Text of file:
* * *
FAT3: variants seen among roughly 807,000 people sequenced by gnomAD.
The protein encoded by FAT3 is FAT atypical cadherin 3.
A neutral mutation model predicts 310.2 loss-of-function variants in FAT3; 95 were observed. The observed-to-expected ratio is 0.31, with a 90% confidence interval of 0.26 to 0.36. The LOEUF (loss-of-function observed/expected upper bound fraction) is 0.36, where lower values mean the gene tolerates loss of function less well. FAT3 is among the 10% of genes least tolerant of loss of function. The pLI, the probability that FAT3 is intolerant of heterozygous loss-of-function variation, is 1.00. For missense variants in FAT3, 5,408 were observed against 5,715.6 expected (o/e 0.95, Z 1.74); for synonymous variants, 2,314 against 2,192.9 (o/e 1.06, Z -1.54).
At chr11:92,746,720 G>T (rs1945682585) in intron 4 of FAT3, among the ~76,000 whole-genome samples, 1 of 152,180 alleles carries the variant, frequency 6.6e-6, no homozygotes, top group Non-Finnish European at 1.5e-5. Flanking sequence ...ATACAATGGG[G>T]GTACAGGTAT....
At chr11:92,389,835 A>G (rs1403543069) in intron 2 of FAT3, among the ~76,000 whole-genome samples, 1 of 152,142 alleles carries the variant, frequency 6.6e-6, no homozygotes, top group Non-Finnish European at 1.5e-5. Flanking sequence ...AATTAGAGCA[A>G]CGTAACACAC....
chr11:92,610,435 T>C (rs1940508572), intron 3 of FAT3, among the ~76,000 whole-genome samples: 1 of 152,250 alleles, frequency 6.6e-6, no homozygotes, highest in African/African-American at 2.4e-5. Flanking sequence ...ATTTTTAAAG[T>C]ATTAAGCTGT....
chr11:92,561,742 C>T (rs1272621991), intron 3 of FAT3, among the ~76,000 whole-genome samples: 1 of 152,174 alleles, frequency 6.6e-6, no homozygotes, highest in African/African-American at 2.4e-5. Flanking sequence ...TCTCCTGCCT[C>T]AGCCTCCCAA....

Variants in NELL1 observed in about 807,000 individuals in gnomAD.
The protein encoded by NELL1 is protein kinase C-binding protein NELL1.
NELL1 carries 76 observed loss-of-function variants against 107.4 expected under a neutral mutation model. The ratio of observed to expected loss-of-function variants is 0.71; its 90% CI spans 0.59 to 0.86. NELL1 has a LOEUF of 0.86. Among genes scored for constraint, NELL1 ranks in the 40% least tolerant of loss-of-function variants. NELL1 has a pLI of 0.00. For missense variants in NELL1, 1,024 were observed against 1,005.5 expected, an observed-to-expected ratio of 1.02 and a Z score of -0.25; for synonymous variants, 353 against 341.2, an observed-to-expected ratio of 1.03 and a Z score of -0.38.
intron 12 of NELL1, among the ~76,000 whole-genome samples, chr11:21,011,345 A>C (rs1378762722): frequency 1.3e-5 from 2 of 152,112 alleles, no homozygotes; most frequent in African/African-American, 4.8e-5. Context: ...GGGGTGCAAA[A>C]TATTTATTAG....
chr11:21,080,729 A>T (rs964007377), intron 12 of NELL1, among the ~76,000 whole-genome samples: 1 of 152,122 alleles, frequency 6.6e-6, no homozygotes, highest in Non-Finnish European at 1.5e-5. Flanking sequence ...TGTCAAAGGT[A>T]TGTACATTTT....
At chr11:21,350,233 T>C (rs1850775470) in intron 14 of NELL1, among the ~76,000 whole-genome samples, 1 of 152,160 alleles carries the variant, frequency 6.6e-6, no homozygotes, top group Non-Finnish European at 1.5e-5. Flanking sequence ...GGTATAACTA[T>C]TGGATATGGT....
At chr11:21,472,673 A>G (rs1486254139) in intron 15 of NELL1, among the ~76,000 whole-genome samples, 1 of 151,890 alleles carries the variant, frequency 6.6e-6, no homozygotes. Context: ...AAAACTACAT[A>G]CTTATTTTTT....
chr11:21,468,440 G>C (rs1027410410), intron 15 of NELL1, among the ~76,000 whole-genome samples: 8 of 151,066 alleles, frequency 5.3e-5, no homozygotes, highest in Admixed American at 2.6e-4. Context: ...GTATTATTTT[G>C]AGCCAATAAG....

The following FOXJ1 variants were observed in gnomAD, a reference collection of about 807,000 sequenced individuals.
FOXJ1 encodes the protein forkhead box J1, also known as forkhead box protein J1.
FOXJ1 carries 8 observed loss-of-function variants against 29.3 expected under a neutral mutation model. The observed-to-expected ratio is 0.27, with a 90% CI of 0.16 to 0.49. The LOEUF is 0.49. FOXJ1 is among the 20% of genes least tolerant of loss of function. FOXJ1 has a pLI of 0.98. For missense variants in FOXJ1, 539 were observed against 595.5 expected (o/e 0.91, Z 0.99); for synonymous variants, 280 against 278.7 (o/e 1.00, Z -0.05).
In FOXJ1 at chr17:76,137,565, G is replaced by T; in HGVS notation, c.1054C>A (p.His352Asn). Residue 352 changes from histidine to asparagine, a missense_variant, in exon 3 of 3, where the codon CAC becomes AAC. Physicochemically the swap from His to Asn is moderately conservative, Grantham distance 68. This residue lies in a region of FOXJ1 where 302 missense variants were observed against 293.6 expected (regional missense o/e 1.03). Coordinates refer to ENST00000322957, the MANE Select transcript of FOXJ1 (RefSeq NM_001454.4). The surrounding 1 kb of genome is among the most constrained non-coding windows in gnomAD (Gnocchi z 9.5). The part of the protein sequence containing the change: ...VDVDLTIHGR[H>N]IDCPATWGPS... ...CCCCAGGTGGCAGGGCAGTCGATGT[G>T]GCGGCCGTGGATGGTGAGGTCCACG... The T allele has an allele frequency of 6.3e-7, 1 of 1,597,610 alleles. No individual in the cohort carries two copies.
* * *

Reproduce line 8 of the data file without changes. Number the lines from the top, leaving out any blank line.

Variants in NELL1 observed in about 807,000 individuals in gnomAD.